For the first 38 years of my life, without realizing it, I had an intense amount of religious guilt rolling around in the back of my head. I carried around the constant fear of eternal damnation and that took a heavy toll on my well being and was the fuel behind some depressive episodes.

When I say insights happen upon me, I mean, sometimes I “hear things”. Don’t worry! I don’t hear things in the schizophrenic sense, I “hear things” in the sense that a new thought will just appear in my head and surprise me. Maybe it’s a message from the beyond, maybe it’s my subconscious, maybe it’s my “higher self”, who knows, but it happens and it’s wildly helpful.

So, one day I was just walking through my kitchen while in the midst of a depressive episode and what I call a “shame spiral”. My head was caught in a loop of trying to figure out what I needed to do to not suffer the eternal damnation, and then, the thought appeared… “This experience is for you.”

What a wildly different perspective than the one I was busy drowning in. This is experience is for me?!?! This life isn’t a test, it’s not a burden… it’s FOR me?!?! Interesting.

A few weeks later I’m laying in bed this time caught in the slightly less excruciating “should loop”. What should I be doing? Am I doing it right? Is this what I’m supposed to be doing? On and on, and so I just asked the universe… “am I doing it right?” And the answer was “Well… what do you want?”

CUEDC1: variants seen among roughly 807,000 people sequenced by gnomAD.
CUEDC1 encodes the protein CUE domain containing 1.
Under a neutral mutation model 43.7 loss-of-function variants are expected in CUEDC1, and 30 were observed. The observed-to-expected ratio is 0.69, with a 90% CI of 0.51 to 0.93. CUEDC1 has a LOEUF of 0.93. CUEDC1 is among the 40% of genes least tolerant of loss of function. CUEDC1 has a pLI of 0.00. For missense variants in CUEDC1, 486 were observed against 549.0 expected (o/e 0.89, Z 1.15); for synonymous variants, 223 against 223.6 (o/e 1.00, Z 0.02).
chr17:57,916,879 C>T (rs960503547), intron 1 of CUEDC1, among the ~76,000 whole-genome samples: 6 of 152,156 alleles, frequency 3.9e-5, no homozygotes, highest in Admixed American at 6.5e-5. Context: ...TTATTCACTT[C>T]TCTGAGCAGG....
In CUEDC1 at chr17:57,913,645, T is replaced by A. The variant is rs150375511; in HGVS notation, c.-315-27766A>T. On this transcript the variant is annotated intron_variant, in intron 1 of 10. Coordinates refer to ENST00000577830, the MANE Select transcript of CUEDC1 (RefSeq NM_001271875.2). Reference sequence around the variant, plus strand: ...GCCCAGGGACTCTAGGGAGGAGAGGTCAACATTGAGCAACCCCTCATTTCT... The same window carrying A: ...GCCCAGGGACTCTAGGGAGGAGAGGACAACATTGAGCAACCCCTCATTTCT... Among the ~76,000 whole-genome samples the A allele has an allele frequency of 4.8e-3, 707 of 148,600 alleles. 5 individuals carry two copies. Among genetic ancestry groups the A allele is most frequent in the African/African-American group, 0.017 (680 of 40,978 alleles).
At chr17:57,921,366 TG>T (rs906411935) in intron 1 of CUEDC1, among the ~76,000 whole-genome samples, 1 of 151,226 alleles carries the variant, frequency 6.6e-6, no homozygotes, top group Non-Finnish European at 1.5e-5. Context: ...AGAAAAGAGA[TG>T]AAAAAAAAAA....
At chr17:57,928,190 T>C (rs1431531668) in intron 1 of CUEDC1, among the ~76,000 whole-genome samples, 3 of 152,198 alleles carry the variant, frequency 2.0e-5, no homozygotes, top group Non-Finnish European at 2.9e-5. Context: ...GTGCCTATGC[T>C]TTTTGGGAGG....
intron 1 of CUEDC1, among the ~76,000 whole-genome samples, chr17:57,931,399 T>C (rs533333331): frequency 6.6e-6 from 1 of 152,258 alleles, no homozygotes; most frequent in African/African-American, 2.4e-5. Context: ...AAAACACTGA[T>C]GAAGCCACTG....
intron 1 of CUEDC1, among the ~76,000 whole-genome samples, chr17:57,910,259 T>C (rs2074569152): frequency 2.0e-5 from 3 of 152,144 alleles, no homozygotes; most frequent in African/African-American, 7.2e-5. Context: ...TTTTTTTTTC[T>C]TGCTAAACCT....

Again, a wildly different perspective than the one I was caught in. The question “am I doing it right?” can’t be answered if I haven’t defined what it is that I’m trying to do! …and I had not defined that.

We get so much more say in defining our lives and our own morality than the shame based religious ideologies would have us believe.

Anyone who tells you that they understand the meaning of life the universe and everything is almost certainly delusional or full of it! But… no doubt a big part of what we are doing here is defining for yourselves who we are and what standards we should be judging ourselves by. I don’t think a deity judges us, I think we suffer our own judgment.

Let Go of Everything Besides Your Values

There is actually very little that you control. The world is big and unknowably complex. You control you…mostly, in the long run, and you certainly don’t control anything else. As such you can only judge yourself by what you do and not the outcomes of any situation. And what you do is guided by your values. So just focus on the values, and let the rest go.

But that isn’t so easy, is it?!?!

Were you ever in the midst of an anxiety attack and someone told you to “just let go”? Just as frustrating as telling a depressed person to “just cheer up!” 

I had an especially hard time with this “letting go.” I realized that to me it felt like wild irresponsibility. Utter dereliction of duty!!! …where did I get that from?

I’ve dealt with a lot of guilt over the years. I picked some of that up from the religious groups my parents were in when I was quite young. This played on my subconscious mind in a wide variety of ways, but I realized that I took on responsibility for outcomes and used outcomes to judge myself.